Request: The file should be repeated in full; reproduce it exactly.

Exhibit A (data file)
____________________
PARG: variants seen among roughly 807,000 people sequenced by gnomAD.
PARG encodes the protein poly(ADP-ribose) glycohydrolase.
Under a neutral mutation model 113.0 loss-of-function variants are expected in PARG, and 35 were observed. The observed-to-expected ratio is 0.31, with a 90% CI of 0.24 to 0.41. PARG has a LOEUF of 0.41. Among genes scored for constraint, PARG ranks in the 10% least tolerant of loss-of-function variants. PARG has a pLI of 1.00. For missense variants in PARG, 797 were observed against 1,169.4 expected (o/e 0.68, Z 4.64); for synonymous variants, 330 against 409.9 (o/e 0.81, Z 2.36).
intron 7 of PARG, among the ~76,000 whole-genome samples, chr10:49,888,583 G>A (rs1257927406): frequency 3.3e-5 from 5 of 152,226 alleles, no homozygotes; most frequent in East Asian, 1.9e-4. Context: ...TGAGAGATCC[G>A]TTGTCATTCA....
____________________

PARG: variants seen among roughly 807,000 people sequenced by gnomAD.
PARG encodes the protein poly(ADP-ribose) glycohydrolase.
Under a neutral mutation model 113.0 loss-of-function variants are expected in PARG, and 35 were observed. The observed-to-expected ratio is 0.31, with a 90% CI of 0.24 to 0.41. PARG has a LOEUF of 0.41. Among genes scored for constraint, PARG ranks in the 10% least tolerant of loss-of-function variants. PARG has a pLI of 1.00. For missense variants in PARG, 797 were observed against 1,169.4 expected (o/e 0.68, Z 4.64); for synonymous variants, 330 against 409.9 (o/e 0.81, Z 2.36).
intron 7 of PARG, among the ~76,000 whole-genome samples, chr10:49,888,583 G>A (rs1257927406): frequency 3.3e-5 from 5 of 152,226 alleles, no homozygotes; most frequent in East Asian, 1.9e-4. Context: ...TGAGAGATCC[G>A]TTGTCATTCA....